Day-in-the-Life Journey Map: They paint a more detailed image of the customer by including activities unrelated to your company.
Future-State Journey Map: They seek to improve customer interactions by imagining what the most ideal interaction might be, and then identifying the steps that it takes to get there.
Service Blueprint Customer Journey Map: They start with any of the above three maps, then layer on the systems needed to deliver high-quality customer experiences.
Related Article: Connected Customers, Connected Data, Connected Journeys
The Technology to Make It Happen
More modern and intelligent data management platforms, when equipped with AI to perform customer segmentation and customer journey orchestration, can be leveraged by marketing to automate the management of the customer journey. With the right tools and capabilities, marketers can get the technical foundation they need to manage the full customer journey across both physical and digital channels.
Artificial intelligence (AI) and machine learning technologies, whether embedded into a broader all-in-one software platform or a stand-alone solution, allow marketers to process large amounts of data, identify trends, spot patterns and recommend best next steps. All of this results in a more accurate view of the customer journey than you could achieve by manually processing all the data.
AI can give businesses a more accurate customer profile, while providing actionable suggestions that result in improved performance. AI allows you to discover what traits are common to your most loyal customers, which customers are likely to churn, as well as recommendations for cross-selling and upselling.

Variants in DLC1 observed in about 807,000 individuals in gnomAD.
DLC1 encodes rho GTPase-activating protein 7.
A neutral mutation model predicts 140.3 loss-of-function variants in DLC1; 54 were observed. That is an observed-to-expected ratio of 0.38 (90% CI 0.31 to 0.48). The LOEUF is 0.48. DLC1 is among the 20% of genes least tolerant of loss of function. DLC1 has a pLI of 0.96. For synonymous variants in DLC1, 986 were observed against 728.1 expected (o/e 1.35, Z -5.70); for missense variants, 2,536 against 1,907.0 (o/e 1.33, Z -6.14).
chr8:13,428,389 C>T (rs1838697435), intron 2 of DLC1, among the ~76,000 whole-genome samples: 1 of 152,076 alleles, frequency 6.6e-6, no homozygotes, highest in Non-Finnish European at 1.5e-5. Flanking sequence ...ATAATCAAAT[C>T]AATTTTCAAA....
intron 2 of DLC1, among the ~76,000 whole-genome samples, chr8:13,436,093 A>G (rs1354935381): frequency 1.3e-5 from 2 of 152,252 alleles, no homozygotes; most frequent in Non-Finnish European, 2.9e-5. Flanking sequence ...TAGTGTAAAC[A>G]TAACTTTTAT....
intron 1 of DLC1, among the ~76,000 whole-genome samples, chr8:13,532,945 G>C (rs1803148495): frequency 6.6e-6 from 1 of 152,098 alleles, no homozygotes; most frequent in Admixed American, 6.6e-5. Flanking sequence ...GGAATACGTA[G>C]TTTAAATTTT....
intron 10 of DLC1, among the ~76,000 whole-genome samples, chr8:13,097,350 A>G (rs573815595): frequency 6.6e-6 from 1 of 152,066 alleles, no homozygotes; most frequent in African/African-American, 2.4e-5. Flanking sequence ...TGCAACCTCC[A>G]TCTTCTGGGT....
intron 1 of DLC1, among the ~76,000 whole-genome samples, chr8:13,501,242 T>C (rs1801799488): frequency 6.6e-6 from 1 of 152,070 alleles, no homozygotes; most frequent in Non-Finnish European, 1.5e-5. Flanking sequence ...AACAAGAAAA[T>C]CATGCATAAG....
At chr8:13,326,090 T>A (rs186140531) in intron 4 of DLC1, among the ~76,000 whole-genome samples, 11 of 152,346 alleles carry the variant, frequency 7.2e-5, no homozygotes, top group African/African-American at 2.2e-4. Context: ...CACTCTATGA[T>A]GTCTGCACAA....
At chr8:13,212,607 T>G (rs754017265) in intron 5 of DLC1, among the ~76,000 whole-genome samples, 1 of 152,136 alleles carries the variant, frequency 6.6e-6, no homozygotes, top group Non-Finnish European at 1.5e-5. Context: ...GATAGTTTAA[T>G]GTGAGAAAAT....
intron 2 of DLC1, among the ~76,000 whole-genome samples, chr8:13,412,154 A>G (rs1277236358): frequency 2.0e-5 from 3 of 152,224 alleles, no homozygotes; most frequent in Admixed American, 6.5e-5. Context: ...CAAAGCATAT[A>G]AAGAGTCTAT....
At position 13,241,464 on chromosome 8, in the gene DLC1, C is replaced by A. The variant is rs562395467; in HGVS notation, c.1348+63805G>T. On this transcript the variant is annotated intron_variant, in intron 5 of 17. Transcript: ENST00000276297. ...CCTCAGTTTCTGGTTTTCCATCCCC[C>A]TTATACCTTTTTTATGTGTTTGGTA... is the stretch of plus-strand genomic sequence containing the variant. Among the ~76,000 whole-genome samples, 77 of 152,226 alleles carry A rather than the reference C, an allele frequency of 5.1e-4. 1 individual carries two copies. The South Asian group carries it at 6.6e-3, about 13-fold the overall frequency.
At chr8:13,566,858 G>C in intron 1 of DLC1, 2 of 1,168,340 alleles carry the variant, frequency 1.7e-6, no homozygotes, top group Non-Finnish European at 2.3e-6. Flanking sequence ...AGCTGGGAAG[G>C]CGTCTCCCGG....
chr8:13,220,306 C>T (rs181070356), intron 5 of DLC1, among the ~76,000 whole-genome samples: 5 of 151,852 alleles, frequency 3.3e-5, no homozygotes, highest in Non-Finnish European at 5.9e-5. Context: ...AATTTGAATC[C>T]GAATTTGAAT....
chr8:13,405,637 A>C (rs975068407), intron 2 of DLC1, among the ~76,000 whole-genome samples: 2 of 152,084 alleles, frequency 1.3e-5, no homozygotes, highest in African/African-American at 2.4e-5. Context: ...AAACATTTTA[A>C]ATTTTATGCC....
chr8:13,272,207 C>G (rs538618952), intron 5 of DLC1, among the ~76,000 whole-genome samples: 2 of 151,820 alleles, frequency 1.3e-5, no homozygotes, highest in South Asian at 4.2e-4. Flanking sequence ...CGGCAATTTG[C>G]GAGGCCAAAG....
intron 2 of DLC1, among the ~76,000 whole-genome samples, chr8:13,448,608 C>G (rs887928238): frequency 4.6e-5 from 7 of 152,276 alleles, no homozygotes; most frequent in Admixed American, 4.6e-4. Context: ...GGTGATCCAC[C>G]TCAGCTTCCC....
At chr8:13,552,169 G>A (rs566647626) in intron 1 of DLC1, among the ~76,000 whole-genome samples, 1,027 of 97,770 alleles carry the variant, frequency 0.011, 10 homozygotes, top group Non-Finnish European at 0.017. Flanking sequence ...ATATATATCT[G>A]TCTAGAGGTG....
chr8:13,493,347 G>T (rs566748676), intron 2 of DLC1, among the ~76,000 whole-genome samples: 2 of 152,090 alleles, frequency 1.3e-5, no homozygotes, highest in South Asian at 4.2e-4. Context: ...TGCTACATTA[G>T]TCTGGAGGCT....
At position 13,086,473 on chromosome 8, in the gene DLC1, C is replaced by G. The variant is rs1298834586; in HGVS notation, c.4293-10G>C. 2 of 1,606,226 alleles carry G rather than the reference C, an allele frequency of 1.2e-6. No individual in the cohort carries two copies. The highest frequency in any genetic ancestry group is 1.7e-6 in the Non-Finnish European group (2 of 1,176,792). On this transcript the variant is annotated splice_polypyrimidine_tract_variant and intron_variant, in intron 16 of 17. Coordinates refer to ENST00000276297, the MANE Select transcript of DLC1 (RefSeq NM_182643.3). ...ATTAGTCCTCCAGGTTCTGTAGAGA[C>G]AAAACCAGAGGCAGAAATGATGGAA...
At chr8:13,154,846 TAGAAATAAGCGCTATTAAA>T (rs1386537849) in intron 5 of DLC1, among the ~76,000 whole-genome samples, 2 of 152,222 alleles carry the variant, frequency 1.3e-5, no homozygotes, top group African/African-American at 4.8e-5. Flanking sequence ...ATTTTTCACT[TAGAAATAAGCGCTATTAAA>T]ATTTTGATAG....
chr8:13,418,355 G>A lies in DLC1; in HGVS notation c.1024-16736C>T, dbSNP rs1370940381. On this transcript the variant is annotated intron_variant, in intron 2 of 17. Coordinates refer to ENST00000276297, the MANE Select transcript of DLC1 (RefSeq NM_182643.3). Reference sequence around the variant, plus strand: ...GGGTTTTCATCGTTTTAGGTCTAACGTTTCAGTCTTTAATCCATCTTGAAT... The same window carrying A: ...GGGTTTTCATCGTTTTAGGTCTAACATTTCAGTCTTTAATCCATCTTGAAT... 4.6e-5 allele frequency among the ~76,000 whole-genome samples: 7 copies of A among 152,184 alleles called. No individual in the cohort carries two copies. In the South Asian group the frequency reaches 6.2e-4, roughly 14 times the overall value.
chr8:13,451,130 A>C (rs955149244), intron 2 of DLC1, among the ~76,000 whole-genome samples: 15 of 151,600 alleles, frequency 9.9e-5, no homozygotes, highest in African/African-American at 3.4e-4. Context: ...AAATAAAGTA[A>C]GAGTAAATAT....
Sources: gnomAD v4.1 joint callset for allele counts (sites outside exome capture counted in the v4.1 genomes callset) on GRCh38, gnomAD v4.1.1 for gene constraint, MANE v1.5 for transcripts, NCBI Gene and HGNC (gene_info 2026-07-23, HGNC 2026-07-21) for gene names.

Conclusion: CMOs and CIOs Should Invest in Data Solutions
Tracking, tailoring and orchestrating the full customer journey requires data-driven centric methodology and processes, along with the appropriate investment in the technology and infrastructure needed to execute successfully. Deploying the appropriate technology platforms and tools are critical for success since marketers cannot manually program campaigns and messaging to affect each phase of the modern buyer journey.
Chief marketing officers (CMOs) or chief information officers (CIOs) should be looking to invest in a centralized data management solution as part of their digital transformation, and CEOs need to ensure CMOs and CIOs get the investment they need to execute successfully.
Only with a unified data management strategy and the technology to power it can businesses truly turn their soft customer journeys into hard, data-driven journeys and experiences informed by real-world customer data.